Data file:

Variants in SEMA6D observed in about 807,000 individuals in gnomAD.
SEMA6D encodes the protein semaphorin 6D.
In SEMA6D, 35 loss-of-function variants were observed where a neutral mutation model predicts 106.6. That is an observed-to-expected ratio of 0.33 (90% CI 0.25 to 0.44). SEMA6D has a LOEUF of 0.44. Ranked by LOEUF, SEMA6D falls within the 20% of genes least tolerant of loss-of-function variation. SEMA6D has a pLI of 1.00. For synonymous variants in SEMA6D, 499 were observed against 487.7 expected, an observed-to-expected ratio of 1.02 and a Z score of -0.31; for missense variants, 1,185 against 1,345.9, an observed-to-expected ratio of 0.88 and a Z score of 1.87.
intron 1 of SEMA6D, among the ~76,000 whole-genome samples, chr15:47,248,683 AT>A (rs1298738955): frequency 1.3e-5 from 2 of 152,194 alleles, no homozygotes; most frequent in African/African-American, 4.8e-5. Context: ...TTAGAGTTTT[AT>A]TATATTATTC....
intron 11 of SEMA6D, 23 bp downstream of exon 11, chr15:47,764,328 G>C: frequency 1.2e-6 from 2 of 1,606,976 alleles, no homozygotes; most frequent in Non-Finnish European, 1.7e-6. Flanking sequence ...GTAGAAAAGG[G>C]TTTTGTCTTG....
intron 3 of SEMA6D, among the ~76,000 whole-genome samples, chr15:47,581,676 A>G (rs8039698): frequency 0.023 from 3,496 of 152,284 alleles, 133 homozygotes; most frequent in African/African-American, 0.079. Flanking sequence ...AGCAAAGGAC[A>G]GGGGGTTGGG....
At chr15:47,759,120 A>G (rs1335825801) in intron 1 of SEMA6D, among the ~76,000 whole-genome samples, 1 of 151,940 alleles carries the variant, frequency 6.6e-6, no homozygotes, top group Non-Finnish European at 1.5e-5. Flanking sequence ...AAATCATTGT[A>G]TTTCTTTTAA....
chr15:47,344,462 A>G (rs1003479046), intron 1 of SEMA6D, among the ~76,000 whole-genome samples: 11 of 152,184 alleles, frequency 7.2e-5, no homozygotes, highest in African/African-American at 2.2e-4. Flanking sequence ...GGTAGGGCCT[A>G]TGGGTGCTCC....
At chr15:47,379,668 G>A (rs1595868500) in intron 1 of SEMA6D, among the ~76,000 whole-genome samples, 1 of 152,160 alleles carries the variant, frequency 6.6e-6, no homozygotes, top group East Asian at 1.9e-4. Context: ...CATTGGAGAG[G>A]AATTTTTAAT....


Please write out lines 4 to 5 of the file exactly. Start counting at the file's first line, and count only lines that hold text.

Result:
intron 1 of SEMA6D, among the ~76,000 whole-genome samples, chr15:47,248,683 AT>A (rs1298738955): frequency 1.3e-5 from 2 of 152,194 alleles, no homozygotes; most frequent in African/African-American, 4.8e-5. Context: ...TTAGAGTTTT[AT>A]TATATTATTC....
intron 11 of SEMA6D, 23 bp downstream of exon 11, chr15:47,764,328 G>C: frequency 1.2e-6 from 2 of 1,606,976 alleles, no homozygotes; most frequent in Non-Finnish European, 1.7e-6. Flanking sequence ...GTAGAAAAGG[G>C]TTTTGTCTTG....